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Both Pro-Life and Pro-Choice
Abortion: The Great American Exception
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  • Andrew Allison

    Has the US ever been a collectivist society? Perhaps people are just getting tired of being told what they should think or do by ideologues. In short, we may be seeing a revolt against minority views being imposed upon the majority.

    • WhateverDunce

      If there is an expectation that we celebrate Trans-sexual attention whores like Caitlyn Kardashian instead of just merely tolerating them, we are being ruled by the minority. If we put a pizza place out of business, not because they ever refused service to anyone, but for a mere thoughtcrime, we are being ruled by the minority. If we kowtow to the online mob over RFRA in Indiana, we are being ruled by the minority.

      One thing hasn’t changed in America. Those who yell the loudest, stomp their feet the hardest and those that manipulate the masses most effectively are still being allowed to win. Every day, in fact. Conformity is still being demanded and expected. All that has changed is what is necessary to conform and the groups demanding it.

      Add to that increased dependency on government and Individualism is lost.

      This article makes a critical error. Licentiousness is not Liberty. It’s just bread and circuses.

    • wheezer

      Amen! Though the left is a dichotomy of econnomic collectivism but social individualism. While the right tends toward the reverse.

  • jeburke

    A libertarian is someone who wants to take away grandpa’s Medicare and Social Security but will let him smoke dope and watch porn to ease the pain.

    • Dagnabbit_42

      And then there are Christian libertarians:

      A Christian libertarian is someone who voluntarily gives over a tenth of his pre-tax income to assist the poor and elderly through various charitable works, and hopes everyone else will do likewise, but refuses to point a gun at their face to compel them to join him.

      A Christian libertarian is someone who personally treats dope-smoking and porn-watching as evils which endanger the souls and destroy the liberty of anyone who indulges in them, but refuses to point a gun at their face to compel them to follow his own moral code, if they sadly (not to say idiotically) don’t share it.

      A Christian libertarian is someone who draws a sharp line between Activity X being immoral, and it being morally justifiable for government to outlaw Activity X. For of course he regards government outlawing as a threat to use force: “Do this, and we’ll lock you up; try to escape and we’ll shoot you,” and as a Christian he holds an almost-but-not-quite-pacifist view of Initiating The Use Of Force: It isn’t always immoral to use force, but there is a very high threshold before it is justifiable. And it being justifiable usually hinges on whether the evil being opposed is not merely immoral, but forcible in some way. One may justly execute a murderer (that is to say, oppose wrongful lethal force with comparable lethal force), but one may not, no matter the temptation, justly execute someone who willingly buys Justin Bieber recordings. For although the latter is a grave offense against aesthetics and civilization, it is not forcible*, and therefore does not justify the use of lethal force to oppose it. Something non-forcible, such as voluntary shunning, is called for instead.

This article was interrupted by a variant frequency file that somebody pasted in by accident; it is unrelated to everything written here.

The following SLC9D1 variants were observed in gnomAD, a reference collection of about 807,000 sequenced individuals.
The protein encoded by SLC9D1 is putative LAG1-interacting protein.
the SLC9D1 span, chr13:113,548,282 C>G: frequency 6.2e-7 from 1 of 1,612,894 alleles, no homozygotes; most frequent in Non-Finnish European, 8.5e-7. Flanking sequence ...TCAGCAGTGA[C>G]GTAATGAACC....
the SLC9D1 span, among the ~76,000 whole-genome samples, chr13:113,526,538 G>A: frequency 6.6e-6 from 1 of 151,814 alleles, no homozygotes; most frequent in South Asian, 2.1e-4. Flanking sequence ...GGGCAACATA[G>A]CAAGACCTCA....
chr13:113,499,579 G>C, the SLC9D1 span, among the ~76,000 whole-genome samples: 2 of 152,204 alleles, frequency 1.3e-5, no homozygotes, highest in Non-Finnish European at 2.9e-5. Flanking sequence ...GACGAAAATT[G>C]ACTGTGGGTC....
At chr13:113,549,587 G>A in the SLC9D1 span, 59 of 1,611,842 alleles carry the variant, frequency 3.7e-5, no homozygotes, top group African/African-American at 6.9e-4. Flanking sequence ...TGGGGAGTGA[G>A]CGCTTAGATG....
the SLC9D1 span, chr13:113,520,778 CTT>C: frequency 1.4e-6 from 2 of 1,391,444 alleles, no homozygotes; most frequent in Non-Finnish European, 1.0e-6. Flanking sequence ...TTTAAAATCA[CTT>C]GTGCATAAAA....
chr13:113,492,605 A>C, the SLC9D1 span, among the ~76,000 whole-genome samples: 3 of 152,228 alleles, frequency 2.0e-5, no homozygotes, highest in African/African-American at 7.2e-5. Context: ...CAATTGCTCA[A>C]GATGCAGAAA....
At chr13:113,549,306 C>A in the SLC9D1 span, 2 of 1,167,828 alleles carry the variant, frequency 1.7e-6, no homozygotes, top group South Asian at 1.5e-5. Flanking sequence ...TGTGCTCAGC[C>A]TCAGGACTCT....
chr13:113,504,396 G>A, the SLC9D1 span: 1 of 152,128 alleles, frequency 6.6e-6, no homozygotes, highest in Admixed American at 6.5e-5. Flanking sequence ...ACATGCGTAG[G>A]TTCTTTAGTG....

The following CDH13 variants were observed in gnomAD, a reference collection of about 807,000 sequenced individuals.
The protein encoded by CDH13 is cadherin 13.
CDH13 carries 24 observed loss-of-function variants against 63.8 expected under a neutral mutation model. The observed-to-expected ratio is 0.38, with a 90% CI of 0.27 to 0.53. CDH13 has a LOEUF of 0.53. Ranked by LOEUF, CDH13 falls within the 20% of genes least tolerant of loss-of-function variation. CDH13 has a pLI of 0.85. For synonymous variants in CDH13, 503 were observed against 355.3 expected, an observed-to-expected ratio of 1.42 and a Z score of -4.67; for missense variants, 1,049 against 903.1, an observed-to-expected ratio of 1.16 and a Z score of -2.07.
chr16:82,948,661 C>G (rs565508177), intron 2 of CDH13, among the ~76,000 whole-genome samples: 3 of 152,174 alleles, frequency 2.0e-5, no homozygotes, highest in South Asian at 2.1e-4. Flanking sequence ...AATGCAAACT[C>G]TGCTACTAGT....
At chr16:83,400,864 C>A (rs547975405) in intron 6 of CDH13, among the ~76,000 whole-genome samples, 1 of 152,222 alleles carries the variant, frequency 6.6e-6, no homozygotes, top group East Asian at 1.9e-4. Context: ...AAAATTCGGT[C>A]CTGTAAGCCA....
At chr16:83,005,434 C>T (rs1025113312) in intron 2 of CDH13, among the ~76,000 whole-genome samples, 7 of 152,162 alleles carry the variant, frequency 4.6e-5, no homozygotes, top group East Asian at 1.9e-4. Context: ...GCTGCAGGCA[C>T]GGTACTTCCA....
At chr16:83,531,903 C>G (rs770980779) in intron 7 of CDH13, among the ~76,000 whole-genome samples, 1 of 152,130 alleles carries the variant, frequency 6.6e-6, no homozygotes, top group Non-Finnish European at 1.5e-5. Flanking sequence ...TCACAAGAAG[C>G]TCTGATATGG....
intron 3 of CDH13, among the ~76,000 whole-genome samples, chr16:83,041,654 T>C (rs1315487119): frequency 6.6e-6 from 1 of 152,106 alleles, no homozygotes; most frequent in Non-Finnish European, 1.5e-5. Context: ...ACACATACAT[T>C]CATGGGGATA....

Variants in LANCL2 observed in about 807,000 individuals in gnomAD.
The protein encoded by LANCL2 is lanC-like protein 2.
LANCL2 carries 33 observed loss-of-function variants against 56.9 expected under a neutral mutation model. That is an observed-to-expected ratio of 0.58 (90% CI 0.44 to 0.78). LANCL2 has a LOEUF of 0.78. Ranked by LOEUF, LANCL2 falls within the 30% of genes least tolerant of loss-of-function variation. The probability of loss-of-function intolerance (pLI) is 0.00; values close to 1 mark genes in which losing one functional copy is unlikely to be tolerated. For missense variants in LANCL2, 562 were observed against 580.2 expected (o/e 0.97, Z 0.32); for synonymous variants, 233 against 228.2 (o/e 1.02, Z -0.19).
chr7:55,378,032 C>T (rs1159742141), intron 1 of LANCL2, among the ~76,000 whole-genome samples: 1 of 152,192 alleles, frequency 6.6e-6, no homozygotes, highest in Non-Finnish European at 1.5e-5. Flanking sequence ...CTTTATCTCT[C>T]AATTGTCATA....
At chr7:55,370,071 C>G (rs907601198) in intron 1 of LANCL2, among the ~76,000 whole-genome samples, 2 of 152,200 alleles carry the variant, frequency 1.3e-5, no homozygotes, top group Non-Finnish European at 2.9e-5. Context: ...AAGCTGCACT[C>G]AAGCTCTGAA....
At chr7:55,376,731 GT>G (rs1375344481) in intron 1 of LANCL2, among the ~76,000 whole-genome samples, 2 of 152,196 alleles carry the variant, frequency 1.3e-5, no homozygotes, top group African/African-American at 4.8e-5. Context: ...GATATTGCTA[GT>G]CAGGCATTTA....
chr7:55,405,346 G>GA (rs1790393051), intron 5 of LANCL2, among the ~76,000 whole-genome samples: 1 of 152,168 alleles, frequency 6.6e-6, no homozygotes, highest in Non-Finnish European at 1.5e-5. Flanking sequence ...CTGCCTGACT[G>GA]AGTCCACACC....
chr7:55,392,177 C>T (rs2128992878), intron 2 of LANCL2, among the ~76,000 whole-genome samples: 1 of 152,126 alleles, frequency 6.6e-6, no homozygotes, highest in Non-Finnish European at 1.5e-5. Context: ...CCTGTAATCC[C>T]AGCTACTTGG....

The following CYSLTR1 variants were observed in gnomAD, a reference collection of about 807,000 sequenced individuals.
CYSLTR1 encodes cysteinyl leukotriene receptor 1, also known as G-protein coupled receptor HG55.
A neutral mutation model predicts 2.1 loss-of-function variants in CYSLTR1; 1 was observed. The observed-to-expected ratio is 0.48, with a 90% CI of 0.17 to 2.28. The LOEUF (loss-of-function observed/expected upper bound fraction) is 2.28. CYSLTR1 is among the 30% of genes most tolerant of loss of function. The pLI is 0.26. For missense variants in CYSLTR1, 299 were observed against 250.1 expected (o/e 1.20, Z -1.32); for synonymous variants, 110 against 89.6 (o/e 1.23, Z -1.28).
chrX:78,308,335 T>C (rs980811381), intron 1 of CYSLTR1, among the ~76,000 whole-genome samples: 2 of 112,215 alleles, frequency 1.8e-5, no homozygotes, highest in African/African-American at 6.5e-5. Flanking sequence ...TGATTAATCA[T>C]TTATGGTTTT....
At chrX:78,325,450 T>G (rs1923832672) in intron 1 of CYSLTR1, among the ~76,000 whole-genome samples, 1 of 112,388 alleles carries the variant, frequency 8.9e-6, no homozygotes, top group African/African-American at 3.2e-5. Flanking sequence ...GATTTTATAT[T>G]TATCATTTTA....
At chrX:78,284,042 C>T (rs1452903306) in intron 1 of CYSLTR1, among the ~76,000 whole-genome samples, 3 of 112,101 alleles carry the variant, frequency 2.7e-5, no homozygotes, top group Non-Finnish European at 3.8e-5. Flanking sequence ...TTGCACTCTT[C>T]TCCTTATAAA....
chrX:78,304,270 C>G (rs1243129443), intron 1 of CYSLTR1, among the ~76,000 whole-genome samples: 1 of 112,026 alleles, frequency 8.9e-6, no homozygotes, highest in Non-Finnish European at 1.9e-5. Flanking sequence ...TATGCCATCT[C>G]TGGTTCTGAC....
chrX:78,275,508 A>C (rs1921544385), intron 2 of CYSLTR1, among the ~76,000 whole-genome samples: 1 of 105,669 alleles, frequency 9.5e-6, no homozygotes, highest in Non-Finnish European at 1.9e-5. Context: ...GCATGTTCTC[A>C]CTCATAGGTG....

* Unless, of course, the recording is played so loudly that others find themselves unwillingly overhearing it. In the event of such a public outrage, a certain amount of civic-minded vigilantism is excusable.

      • SupplyGuy

        This is exactly how I feel. I’m conservative in my personal beliefs and conducts and libertarian in my political views.

      • jeburke

        Methinks someone is a bit over-defensive and needs to chill.

      • Fred

        True, human law cannot forbid everything bad or immoral. Aquinas himself said as much in the Summa Theologica (Question 91, Article 4: [h]uman law cannot punish or forbid all evil deeds; since while aiming at doing away with all evils, it would do away with many good things.) Still, as St. Paul said, the law is a teacher. Laws against certain drugs attach a stigma to those drugs, to that degree at least, limiting their use. Unrestricted production of and access to pornography teaches children (of many ages) that it is ok and normalizes the perverse and exploitative sexual relationships it portrays. Legalization of gay “marriage” teaches that marriage has been defined so broadly as to be meaningless and is therefore trivialized. Legal abortion teaches that it is morally permissible to kill babies. (Even if you do not consider a fetus a baby, if you do not believe the logic of abortion leads to approval of infanticide, consult Peter Singer, Richard Dawkins, and the linked article here in a respected British medical journal.) Human law cannot perfectly embody the natural law, but should be consonant with it. That means forbidding or restricting some behaviors that libertarians would unconditionally allow.

  • Timothy Villareal

    Neither Mr. Mead nor anyone else who abhors the violence of elective abortions, but who simultaneously abhors the idea of abortion-seeking women being criminalized by the state, has to accept the labels and lingo of the pro-choice and pro-life movements, as if their limited moral mindsets have to govern our entire discourse on this awful subject.
    I’d urge Mr. Mead and those similarly inclined to embrace an alternative terminology and legal framework: procreative nonviolence.